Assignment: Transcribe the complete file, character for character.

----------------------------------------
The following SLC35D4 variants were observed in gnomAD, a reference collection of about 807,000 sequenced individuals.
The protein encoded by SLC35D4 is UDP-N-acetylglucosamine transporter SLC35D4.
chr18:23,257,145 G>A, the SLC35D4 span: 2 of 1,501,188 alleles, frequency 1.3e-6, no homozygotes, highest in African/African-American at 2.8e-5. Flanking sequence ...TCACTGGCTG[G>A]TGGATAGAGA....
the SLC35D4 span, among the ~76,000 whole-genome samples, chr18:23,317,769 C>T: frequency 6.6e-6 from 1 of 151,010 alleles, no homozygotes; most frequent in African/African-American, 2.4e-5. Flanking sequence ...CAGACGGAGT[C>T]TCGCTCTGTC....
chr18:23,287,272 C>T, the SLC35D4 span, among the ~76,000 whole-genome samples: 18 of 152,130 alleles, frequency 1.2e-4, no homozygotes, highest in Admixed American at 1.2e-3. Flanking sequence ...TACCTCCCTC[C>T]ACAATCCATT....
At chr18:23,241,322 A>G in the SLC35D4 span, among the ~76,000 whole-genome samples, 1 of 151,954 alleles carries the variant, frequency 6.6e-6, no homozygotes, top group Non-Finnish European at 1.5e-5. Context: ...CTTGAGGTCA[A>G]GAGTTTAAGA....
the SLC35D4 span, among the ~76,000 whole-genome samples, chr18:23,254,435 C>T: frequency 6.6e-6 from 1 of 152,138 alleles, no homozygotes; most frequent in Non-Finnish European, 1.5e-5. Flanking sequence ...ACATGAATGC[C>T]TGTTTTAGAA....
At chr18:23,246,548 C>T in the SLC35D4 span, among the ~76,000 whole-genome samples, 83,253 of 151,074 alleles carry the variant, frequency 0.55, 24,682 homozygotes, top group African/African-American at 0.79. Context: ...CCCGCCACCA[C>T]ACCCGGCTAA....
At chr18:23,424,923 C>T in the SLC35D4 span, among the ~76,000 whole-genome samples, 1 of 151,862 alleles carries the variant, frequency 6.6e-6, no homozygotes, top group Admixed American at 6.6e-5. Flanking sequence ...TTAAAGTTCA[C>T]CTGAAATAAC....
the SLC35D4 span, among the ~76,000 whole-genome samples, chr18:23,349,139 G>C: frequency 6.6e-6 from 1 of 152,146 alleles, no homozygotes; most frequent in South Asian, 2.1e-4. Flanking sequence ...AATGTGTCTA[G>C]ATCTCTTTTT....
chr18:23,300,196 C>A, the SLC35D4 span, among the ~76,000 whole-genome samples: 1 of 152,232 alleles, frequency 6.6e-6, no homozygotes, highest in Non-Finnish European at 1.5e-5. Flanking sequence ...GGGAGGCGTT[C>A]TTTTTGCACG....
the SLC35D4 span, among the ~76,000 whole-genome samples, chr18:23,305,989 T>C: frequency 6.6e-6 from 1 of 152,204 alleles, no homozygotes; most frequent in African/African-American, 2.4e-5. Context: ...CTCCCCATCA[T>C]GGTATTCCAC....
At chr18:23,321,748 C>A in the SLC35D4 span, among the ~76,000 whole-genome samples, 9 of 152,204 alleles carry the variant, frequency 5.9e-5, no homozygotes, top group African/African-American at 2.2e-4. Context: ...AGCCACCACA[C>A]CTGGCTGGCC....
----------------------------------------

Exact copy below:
The following SLC35D4 variants were observed in gnomAD, a reference collection of about 807,000 sequenced individuals.
The protein encoded by SLC35D4 is UDP-N-acetylglucosamine transporter SLC35D4.
chr18:23,257,145 G>A, the SLC35D4 span: 2 of 1,501,188 alleles, frequency 1.3e-6, no homozygotes, highest in African/African-American at 2.8e-5. Flanking sequence ...TCACTGGCTG[G>A]TGGATAGAGA....
the SLC35D4 span, among the ~76,000 whole-genome samples, chr18:23,317,769 C>T: frequency 6.6e-6 from 1 of 151,010 alleles, no homozygotes; most frequent in African/African-American, 2.4e-5. Flanking sequence ...CAGACGGAGT[C>T]TCGCTCTGTC....
chr18:23,287,272 C>T, the SLC35D4 span, among the ~76,000 whole-genome samples: 18 of 152,130 alleles, frequency 1.2e-4, no homozygotes, highest in Admixed American at 1.2e-3. Flanking sequence ...TACCTCCCTC[C>T]ACAATCCATT....
At chr18:23,241,322 A>G in the SLC35D4 span, among the ~76,000 whole-genome samples, 1 of 151,954 alleles carries the variant, frequency 6.6e-6, no homozygotes, top group Non-Finnish European at 1.5e-5. Context: ...CTTGAGGTCA[A>G]GAGTTTAAGA....
the SLC35D4 span, among the ~76,000 whole-genome samples, chr18:23,254,435 C>T: frequency 6.6e-6 from 1 of 152,138 alleles, no homozygotes; most frequent in Non-Finnish European, 1.5e-5. Flanking sequence ...ACATGAATGC[C>T]TGTTTTAGAA....
At chr18:23,246,548 C>T in the SLC35D4 span, among the ~76,000 whole-genome samples, 83,253 of 151,074 alleles carry the variant, frequency 0.55, 24,682 homozygotes, top group African/African-American at 0.79. Context: ...CCCGCCACCA[C>T]ACCCGGCTAA....
At chr18:23,424,923 C>T in the SLC35D4 span, among the ~76,000 whole-genome samples, 1 of 151,862 alleles carries the variant, frequency 6.6e-6, no homozygotes, top group Admixed American at 6.6e-5. Flanking sequence ...TTAAAGTTCA[C>T]CTGAAATAAC....
the SLC35D4 span, among the ~76,000 whole-genome samples, chr18:23,349,139 G>C: frequency 6.6e-6 from 1 of 152,146 alleles, no homozygotes; most frequent in South Asian, 2.1e-4. Flanking sequence ...AATGTGTCTA[G>C]ATCTCTTTTT....
chr18:23,300,196 C>A, the SLC35D4 span, among the ~76,000 whole-genome samples: 1 of 152,232 alleles, frequency 6.6e-6, no homozygotes, highest in Non-Finnish European at 1.5e-5. Flanking sequence ...GGGAGGCGTT[C>A]TTTTTGCACG....
the SLC35D4 span, among the ~76,000 whole-genome samples, chr18:23,305,989 T>C: frequency 6.6e-6 from 1 of 152,204 alleles, no homozygotes; most frequent in African/African-American, 2.4e-5. Context: ...CTCCCCATCA[T>C]GGTATTCCAC....
At chr18:23,321,748 C>A in the SLC35D4 span, among the ~76,000 whole-genome samples, 9 of 152,204 alleles carry the variant, frequency 5.9e-5, no homozygotes, top group African/African-American at 2.2e-4. Context: ...AGCCACCACA[C>A]CTGGCTGGCC....